The Hutchins School Magazine first appeared under Headmaster H H Anderson in , with ‘some half-dozen quarterly numbers’i produced before it became defunct. The Magazine was revived by Headmaster L H Lindon in — under the editorship of Queen’s College recruit Max Dollery — with a view to ‘providing a record of our school life, and forming a bond of union between present and past pupils’.
At that time it was published once a term — in March, June, September and December — at a cost of 6d per copy. Owing to the small circulation in involving management in ‘considerable financial loss’, the Board decided to make subscription to the Magazine compulsory for all boys in the School; the sum of two shillings per annum was payable in advance, with postage an extra 4d. At the end of that year Lindon expressed the hope that the reconstituted Magazine would ‘continue without interruption to perform all the functions of a school paper, recording all that deserves to be remembered in our school life, linking together the past and present boys in a common interest, and stimulating the literary activities of the school.’ii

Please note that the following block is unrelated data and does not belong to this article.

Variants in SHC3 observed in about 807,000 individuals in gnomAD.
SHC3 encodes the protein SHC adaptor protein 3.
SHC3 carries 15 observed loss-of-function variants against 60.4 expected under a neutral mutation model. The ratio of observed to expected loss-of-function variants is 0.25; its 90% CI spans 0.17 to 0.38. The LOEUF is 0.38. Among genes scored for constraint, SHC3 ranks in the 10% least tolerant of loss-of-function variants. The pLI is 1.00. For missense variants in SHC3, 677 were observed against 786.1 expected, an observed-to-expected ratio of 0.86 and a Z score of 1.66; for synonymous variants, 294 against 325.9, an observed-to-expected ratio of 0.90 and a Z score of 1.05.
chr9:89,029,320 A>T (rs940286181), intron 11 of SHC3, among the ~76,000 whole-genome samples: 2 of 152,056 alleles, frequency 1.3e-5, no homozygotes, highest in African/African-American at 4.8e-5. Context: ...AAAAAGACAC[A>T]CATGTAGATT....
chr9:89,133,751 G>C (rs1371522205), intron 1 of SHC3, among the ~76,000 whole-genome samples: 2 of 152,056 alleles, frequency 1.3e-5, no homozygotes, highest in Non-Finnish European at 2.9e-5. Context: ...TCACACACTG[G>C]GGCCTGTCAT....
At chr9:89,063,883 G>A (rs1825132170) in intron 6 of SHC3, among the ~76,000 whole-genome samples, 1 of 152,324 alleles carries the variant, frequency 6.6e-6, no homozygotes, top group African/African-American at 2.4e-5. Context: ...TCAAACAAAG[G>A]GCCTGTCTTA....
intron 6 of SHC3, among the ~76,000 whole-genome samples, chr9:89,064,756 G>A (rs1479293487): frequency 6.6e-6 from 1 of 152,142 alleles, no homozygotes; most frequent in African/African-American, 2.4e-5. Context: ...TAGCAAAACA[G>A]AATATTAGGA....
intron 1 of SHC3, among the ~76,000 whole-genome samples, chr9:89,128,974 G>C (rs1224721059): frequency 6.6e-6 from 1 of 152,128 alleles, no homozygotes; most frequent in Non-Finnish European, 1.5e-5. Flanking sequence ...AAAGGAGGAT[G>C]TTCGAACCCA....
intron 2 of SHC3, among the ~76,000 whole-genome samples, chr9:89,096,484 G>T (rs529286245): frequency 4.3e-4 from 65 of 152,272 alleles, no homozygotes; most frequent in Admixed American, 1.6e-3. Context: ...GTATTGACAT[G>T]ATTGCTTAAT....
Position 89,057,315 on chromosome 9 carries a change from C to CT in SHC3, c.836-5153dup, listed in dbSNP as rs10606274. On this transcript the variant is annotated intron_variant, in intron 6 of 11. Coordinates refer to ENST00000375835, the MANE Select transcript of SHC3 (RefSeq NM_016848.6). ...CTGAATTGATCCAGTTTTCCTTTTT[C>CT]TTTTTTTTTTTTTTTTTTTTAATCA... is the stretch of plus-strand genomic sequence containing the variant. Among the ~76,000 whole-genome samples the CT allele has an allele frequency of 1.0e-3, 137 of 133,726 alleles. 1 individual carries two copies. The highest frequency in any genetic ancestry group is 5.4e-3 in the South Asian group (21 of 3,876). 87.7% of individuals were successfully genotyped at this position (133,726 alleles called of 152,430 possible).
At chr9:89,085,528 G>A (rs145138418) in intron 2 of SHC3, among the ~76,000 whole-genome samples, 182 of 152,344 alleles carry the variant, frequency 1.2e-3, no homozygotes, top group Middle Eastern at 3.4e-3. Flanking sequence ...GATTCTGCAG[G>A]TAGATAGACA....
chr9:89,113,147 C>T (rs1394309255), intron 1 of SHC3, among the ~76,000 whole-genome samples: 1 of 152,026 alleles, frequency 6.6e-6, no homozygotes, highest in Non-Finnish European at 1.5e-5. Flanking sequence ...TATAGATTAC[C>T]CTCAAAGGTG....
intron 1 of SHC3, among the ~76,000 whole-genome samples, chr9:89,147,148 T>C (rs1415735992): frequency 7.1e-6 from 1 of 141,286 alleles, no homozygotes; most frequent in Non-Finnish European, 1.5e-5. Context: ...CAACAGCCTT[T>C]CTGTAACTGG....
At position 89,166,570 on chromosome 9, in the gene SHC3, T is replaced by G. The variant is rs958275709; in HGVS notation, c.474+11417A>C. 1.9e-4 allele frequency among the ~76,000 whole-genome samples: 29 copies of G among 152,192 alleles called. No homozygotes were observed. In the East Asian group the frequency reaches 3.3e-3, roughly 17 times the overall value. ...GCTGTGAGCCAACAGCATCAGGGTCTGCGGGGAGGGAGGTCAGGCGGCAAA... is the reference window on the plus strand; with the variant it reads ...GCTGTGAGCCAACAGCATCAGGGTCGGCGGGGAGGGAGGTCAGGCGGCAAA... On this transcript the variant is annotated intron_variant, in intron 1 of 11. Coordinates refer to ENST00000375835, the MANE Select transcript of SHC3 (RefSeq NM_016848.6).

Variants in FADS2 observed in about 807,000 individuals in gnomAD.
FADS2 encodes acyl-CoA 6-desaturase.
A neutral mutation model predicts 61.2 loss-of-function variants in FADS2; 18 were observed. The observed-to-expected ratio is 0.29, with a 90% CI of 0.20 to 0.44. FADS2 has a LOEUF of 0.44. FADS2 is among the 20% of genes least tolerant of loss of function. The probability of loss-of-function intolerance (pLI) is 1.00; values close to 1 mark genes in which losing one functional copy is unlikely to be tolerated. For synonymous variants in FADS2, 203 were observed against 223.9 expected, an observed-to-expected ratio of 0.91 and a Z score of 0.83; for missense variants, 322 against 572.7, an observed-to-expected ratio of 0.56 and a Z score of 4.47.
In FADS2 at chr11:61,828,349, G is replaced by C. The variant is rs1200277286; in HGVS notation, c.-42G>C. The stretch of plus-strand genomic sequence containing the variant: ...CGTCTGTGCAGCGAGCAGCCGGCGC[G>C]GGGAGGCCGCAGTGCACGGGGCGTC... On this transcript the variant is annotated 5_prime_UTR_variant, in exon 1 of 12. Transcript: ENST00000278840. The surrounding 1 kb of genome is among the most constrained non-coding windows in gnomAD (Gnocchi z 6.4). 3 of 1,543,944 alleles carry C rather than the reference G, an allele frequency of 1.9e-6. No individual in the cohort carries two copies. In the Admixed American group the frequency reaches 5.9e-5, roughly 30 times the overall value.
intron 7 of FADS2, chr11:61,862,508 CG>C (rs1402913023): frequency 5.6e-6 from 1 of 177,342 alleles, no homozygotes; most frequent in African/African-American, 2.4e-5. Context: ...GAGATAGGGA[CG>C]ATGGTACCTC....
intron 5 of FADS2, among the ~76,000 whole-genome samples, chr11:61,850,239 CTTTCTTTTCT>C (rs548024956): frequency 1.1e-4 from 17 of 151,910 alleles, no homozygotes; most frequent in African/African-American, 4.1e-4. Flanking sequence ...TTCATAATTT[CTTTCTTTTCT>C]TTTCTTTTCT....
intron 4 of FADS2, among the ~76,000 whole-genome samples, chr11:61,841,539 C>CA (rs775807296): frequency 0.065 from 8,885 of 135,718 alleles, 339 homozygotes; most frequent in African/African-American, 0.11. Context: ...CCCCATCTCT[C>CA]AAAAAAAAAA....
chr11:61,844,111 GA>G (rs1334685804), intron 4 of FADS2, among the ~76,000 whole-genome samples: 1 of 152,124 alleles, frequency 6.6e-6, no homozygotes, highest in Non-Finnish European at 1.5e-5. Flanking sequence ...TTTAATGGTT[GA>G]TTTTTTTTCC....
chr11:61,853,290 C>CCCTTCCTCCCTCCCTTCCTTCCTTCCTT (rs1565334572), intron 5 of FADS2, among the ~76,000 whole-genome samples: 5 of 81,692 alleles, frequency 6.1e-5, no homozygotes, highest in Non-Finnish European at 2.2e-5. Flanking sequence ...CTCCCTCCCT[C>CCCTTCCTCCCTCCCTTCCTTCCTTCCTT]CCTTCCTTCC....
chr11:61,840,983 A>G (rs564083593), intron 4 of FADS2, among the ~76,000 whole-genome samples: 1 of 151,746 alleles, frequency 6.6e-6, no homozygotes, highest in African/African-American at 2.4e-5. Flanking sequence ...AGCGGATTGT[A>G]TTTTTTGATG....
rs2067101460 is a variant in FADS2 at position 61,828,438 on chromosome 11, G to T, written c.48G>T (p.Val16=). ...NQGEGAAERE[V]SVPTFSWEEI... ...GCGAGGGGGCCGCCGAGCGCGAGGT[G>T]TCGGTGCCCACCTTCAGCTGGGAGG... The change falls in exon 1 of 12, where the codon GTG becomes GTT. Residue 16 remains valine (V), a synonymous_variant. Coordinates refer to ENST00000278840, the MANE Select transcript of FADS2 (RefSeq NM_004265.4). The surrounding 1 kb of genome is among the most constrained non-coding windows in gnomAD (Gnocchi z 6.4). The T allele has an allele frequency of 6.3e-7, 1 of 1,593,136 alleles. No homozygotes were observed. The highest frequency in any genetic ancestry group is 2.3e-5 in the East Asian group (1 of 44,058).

Four editions appeared each year until , when publication was reduced to biannual edition, until further reduced to an annual publication in .iii Reappearing in biannual form in the Magazine continued in this vein until , when the straitened financial circumstances, combined with the student unrest to which the publication was giving utterance, resulted in the production of only one edition. Reproduction of photographs with the text reduced the overall quality of this production, leading to an announcement from the Board in that, owing to rising costs of production, the Magazine would again become an annual publication. By the end of that year the decision had been reversed, with the Board reverting to the production of biannual edition, published in June and December.
By the Magazine was locked into an annual publication cycle, with The Hutchins Newsletter, Magenta and Black and The Ivied Tower eventually taking over the dissemination of smaller news items aimed at specific groups with the Hutchins community. Twenty years later the Hutchins School Magazine underwent a major transformation in style and appearance, including a change of name. As well as being a priceless historical aid as the primary chronicle of school events, Virtus is regarding by Old Boys, parents, carers and friends as an ‘indication of the cultural standards of the School.’iv
This was first published in Character Unbound by Margaret Mason-Cox , page 109. To read all editions of the School Magazine/Virtus from to present, please visit www.hutchins.tas.edu.au/virtus, including a special edition from .
- i School Magazine, December 1960, p. 3.
- ii School Magazine, July 1963, p. 3.
- iii School Magazine, July 1965, p. 4.
- iv School Magazine, December 1968, p. 9.